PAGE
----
It seems to me that any formula in the language of first-order arithmetic which has only bounded quantifiers can be written as a formula without any quantifiers. For instance, "There exists an n < 1000 such that P(n)" can be written as "P(1) or P(2) or ... or P(999)", and "for all n < 100, P(n)" can be written as "P(1) and P(2) and ... P(99)". So how can bounded arithmetic, i.e. Q + induction on all formulas with bounded quantifiers, be stronger than open induction, i.e. Q + induction on all quantifier-free formulas? Isn't any theorem provable using induction on bounded quantifiers also provable without it, since you can just apply induction to prove the quantifier-free expressions, like P(1), P(2), ..., P(999), using open induction, and then at the end use those propositions to derive the proposition with the bounded quantifiers?

Any help would be greatly appreciated.

Thank You in Advance.

  • $\begingroup$ I removed the "number theory" tag; questions like this are not usually considered to be part of number theory $\endgroup$ – Carl Mummert Sep 14 '13 at 2:09
  • $\begingroup$ Universally quantified formula is not same as quantifier free formula. $\endgroup$ – Trismegistos Sep 16 '13 at 8:52
  • $\begingroup$ @Trismegistos Of course it's not. But that doesn't answer the question of whether induction on one class of formulas is just as powerful as induction on another class. $\endgroup$ – Keshav Srinivasan Sep 16 '13 at 14:03

I think you are assuming that the bound in a bounded quantifier has to be a closed term - a number. But it does not. Here is one bounded quantifier formula in the language of arithmetic: $$ \phi(x) = (x > 1) \land (\forall a < x)(\forall b < x) [ ab = x \to a = 1 \lor b = 1] $$

This formula defines the set of prime natural numbers. That set cannot be defined by a quantifier-free formula. (Proof sketch: verify that a set definable by a quantifier-free formula must be finite or cofinite).

  • $\begingroup$ Does that mean that if we restrict induction to formulas with bounded quantifers, with the bounds being either numerals or bound variables, then that gives you no advantage over open induction? $\endgroup$ – Keshav Srinivasan Sep 14 '13 at 19:52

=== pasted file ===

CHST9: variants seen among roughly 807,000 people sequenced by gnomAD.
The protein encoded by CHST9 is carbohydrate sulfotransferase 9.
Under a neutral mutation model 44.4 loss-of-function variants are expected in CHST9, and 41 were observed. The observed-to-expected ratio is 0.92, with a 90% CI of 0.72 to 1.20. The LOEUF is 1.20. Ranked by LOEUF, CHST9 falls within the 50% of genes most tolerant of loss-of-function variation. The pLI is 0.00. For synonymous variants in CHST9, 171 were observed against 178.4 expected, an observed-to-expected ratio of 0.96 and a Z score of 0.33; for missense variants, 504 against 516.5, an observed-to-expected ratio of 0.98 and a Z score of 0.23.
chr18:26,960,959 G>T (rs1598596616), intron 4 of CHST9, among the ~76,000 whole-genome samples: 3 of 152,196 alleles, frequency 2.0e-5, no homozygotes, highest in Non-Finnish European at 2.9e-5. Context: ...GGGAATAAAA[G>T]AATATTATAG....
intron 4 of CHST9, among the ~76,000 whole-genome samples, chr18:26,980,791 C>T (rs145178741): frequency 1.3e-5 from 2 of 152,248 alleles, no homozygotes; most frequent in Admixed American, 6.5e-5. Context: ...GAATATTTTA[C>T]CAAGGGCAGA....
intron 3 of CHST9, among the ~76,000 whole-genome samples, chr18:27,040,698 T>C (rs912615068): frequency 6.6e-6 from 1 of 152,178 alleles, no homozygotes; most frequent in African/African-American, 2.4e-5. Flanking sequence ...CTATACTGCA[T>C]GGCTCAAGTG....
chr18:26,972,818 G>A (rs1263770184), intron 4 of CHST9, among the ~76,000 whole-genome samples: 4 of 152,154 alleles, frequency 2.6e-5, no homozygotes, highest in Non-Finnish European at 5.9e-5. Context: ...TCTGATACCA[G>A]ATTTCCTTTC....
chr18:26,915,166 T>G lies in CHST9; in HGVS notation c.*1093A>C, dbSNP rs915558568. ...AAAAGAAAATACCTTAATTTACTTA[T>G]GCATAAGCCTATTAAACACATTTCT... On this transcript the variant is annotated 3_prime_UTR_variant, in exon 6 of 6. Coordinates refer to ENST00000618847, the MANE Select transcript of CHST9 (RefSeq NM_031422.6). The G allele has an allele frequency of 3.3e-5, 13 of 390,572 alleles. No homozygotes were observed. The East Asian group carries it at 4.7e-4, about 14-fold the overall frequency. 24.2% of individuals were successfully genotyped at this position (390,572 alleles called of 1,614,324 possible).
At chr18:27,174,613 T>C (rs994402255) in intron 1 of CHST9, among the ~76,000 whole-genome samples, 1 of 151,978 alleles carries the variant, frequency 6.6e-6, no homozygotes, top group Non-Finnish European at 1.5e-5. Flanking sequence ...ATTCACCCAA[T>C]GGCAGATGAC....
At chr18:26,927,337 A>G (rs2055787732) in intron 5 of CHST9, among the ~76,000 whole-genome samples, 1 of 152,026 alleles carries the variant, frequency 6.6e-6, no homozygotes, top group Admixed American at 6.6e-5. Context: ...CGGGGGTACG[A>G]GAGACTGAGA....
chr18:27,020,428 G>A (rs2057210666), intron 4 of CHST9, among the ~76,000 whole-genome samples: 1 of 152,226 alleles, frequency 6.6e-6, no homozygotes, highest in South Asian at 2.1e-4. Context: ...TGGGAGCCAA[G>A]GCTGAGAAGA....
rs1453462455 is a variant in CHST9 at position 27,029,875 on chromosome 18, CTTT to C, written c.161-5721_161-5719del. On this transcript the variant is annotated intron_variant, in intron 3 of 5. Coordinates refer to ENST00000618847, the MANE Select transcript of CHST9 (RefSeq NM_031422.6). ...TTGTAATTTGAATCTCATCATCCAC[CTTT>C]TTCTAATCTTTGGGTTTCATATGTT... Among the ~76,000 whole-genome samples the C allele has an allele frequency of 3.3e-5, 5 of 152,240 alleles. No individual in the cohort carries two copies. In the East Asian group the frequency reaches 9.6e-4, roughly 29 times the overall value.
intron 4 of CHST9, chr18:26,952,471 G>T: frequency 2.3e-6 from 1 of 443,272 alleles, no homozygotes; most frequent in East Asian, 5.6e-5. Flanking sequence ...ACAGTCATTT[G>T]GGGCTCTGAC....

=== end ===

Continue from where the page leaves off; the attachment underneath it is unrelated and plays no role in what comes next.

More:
• $\begingroup$ Yes, with a few requirements. You need enough axioms to prove the scheme $b(m) \equiv (n < \dot{m}) \to (n = \dot{0} \lor n = \dot{1} \lor \cdots \lor n = \dot{m-1})$ for each standard $m$, where $\dot k$ is the closed term denoting $k$, and maybe a few other basic arithmetical axioms. In that case, bounded quantifiers with constant bounds can be converted to conjunctions or disjunctions using the usual rules of inference. $\endgroup$ – Carl Mummert Sep 14 '13 at 20:26
  • $\begingroup$ In general, the way to think about bounded quantifiers is not to think about how they work for standard numbers, but how they work for nonstandard ones. $(\forall n < m)$, where $m$ is a nonstandard element of some model, quantifies over an infinite set of $n$ - all the ones that are less than $m$ in the model. So the truth value of a bounded quantifier depends only on what happens in an initial segment of the original model. By contrast, $\Sigma^0_1$ induction allows us to perform induction on formulas that quantify over the entire model at once, not just over initial segments of it. $\endgroup$ – Carl Mummert Sep 14 '13 at 20:32
  • $\begingroup$ Whatever requirements you're talking about, are they satisfied by Robinson's Q? In other words, is Q + open induction just as powerful as Q + induction on formulas with bounded quantifiers with bounds that are either numerals or bound variables? $\endgroup$ – Keshav Srinivasan Sep 14 '13 at 20:35
  • $\begingroup$ I don't know off the top of my head; perhaps you could ask that as a separate question. $\endgroup$ – Carl Mummert Sep 14 '13 at 20:40

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